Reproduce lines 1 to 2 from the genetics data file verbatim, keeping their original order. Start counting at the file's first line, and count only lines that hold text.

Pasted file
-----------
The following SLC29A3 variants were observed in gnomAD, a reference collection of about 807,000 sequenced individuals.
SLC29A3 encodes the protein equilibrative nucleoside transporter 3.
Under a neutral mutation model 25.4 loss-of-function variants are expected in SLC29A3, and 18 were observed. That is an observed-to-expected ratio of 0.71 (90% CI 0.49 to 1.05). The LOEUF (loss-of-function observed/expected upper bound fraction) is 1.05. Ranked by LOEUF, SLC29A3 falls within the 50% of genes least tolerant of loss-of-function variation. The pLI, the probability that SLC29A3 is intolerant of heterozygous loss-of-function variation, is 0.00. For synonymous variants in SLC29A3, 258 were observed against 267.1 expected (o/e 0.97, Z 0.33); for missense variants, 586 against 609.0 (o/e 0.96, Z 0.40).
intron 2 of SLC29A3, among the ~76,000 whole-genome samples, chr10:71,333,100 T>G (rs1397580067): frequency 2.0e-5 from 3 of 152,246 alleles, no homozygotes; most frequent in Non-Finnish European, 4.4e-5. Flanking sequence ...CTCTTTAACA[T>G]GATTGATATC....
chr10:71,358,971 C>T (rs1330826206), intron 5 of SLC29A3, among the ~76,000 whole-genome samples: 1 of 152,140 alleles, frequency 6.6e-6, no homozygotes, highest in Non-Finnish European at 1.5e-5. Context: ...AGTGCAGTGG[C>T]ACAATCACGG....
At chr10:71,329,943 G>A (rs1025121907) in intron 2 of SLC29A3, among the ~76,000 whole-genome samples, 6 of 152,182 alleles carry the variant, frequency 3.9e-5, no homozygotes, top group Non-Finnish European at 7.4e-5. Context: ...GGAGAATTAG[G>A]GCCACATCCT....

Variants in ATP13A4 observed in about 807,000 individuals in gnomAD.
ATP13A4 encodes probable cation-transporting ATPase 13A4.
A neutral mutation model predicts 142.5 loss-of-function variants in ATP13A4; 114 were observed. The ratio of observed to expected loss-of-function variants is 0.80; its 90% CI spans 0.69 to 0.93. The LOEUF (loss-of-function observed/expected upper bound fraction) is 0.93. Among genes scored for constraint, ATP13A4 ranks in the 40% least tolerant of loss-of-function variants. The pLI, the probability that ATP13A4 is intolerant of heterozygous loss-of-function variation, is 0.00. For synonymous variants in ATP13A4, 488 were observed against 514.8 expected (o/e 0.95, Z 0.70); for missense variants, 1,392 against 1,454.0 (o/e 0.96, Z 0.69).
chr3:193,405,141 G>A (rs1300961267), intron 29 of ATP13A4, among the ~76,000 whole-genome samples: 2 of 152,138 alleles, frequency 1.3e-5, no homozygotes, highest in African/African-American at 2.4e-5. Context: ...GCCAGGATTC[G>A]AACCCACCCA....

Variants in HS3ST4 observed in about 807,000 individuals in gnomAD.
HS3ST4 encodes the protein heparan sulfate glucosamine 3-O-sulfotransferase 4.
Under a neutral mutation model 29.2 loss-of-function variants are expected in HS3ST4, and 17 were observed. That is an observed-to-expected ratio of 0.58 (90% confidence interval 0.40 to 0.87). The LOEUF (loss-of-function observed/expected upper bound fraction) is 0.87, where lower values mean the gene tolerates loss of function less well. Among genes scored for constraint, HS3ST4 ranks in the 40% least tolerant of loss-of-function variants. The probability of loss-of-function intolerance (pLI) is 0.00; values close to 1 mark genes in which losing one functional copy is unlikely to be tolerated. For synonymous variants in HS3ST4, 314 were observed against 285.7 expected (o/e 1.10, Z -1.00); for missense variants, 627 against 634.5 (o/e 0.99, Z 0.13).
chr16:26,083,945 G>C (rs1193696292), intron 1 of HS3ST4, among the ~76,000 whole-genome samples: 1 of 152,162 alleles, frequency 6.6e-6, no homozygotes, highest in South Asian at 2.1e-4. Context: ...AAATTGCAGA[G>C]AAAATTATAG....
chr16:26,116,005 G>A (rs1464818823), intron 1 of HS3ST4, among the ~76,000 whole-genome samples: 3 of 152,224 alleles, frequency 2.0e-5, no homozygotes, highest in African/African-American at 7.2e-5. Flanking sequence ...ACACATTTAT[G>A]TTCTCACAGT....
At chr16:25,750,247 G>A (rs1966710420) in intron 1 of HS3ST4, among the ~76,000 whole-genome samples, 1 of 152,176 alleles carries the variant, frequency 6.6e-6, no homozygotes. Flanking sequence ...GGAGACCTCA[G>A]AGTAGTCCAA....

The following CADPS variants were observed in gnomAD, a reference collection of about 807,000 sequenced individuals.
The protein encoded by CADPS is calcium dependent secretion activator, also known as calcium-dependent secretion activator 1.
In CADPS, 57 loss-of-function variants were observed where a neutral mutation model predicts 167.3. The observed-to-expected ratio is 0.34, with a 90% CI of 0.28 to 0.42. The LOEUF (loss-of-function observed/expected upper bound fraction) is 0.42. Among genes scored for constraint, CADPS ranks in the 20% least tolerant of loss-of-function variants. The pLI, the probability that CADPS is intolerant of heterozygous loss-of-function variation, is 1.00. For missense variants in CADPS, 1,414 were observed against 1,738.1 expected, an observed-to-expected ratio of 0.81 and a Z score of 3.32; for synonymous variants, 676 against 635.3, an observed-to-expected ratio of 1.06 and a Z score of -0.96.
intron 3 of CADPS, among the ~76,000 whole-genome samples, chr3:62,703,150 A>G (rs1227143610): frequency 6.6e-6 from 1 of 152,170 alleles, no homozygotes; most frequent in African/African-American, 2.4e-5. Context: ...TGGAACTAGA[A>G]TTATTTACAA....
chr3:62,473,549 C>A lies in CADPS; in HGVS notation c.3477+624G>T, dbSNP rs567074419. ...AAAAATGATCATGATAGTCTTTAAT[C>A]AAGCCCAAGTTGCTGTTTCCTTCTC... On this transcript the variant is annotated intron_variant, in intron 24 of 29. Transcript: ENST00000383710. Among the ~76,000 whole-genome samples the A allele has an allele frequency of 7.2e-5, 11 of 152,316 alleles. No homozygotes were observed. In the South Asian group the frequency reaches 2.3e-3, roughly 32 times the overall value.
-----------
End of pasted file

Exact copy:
The following SLC29A3 variants were observed in gnomAD, a reference collection of about 807,000 sequenced individuals.
SLC29A3 encodes the protein equilibrative nucleoside transporter 3.